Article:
It’s been an interesting summer so far. Like any teenager, I’ve been sleeping in late and not doing a whole lot of anything. It’s been great, to be honest! I’ve been scheduled to the point of being overwhelmed by activities that I needed to take part in or had to complete written assignments for that doing nothing for a few months is awesome.
I’m looking forward to a trip we’re going on in a few weeks that will be pretty fun. We’re visiting family in Serbia, and then my mom is taking me to Lithuania for the first time. I like traveling with her because she is a totally different person when we are away from home. She isn’t overscheduled either, and slows down when we are together. It’s nice to see her relax and embrace a slower pace. I usually see this cloud of nervous energy emanating from her over the course of the day that flares bright orange and pink depending on what her mood is like.
Did I mention that I have synesthesia? I see colors in people’s strong emotions and especially when I hear music. The colors are my emotional response to it, and I see them no matter what kind of music it is. That is not to say that I like all music, but when you think about it, no matter the genre, it produces some sort of reaction: nostalgia, longing, discomfort, love, sadness, excitement, and just about anything you can think of.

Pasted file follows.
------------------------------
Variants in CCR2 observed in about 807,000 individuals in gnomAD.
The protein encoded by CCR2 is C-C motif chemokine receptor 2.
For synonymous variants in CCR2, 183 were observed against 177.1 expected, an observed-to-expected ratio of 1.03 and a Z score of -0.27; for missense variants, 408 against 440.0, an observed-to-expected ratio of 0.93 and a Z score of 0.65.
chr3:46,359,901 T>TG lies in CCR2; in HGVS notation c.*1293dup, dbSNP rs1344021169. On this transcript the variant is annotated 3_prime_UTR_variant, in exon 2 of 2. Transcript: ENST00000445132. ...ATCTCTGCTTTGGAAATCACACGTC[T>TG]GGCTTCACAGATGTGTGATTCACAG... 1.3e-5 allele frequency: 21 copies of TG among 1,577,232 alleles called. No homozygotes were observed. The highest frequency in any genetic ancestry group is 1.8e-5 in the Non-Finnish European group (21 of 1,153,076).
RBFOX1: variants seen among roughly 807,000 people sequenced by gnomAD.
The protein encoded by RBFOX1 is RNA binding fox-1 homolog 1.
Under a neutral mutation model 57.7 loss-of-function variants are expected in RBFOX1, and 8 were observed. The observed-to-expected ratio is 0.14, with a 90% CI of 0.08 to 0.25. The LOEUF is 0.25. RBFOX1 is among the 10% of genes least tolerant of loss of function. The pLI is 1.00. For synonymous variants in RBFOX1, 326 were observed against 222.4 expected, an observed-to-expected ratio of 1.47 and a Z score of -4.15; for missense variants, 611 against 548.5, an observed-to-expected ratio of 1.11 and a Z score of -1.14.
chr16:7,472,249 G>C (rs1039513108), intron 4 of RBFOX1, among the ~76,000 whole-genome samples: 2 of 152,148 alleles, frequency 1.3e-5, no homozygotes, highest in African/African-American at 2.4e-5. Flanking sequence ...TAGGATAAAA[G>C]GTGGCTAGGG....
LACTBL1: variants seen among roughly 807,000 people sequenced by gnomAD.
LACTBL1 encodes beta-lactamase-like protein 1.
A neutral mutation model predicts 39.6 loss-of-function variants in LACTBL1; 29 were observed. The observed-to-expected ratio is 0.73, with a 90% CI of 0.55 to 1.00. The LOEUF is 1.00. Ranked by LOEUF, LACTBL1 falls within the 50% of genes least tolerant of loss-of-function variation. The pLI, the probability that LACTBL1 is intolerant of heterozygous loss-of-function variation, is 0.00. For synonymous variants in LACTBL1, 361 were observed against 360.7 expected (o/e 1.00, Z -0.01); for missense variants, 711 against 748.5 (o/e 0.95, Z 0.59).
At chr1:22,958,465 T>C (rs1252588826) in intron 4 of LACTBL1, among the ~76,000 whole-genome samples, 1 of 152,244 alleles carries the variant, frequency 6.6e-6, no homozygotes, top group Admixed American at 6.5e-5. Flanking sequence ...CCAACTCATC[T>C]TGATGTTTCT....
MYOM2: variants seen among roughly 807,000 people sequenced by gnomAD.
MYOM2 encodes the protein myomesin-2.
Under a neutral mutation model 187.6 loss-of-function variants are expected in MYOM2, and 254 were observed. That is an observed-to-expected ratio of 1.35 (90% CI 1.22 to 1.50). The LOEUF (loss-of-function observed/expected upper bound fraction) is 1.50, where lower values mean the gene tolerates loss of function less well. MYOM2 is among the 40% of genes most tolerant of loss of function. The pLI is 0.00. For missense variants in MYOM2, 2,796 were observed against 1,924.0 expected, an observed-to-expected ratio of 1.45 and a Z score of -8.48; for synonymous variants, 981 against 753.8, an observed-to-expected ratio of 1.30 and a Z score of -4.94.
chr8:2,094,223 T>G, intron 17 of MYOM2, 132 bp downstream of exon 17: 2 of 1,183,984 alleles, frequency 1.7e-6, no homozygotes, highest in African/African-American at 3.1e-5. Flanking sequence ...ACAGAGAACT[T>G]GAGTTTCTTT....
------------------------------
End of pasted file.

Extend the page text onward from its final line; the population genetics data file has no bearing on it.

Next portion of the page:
Having this response to music has had an interesting effect on how I see people. They are like music in that their emotions flow out of them like currents or fountains of colors which blend and swirl like a visual heartbeat. I was sure that everyone also saw my colors, but it wasn’t until I got to high school that I realized that this wasn’t the case. How sad! Much like the heightened sensory insight my autism gives me, I can’t imagine not seeing colors all the time, and I would be devastated if it went away. Having synesthesia, like autism, is a gift. I wish more people viewed it as such. I wouldn’t feel so alone.
It might surprise you to know that my most emotional reactions come when I experience music through someone else. It was an amazing thing to hear The Thermals’ lead singer Hutch Harris play an acoustic set at my graduation party. I love this band and the punk, loud, fuzzy sound three people can produce. The lyrics are thoughtful and cover a wide subject range. My favorite album (“The Body, The Blood, The Machine”) questions the role religion plays in politics and society. Having this album in my head on constant repeat might drive another person loopy, but it brings me great comfort, and with each play, I hear something new and colorful.
So to hear these songs in a different way by the person who wrote them was such a thrill that all I could do at that moment was to get lost in Hutch’s colors. They ranged in hues of the deepest purple to maroon when he sang about lost lovers; blues and browns when he sang about fighting powerful systems of oppression; and nuances of gold and yellow when he was happiest hearing people’s applause in appreciation of his music. Having this live experience was incredible, and I’m so glad I get to know this side of someone whose music I like to listen to.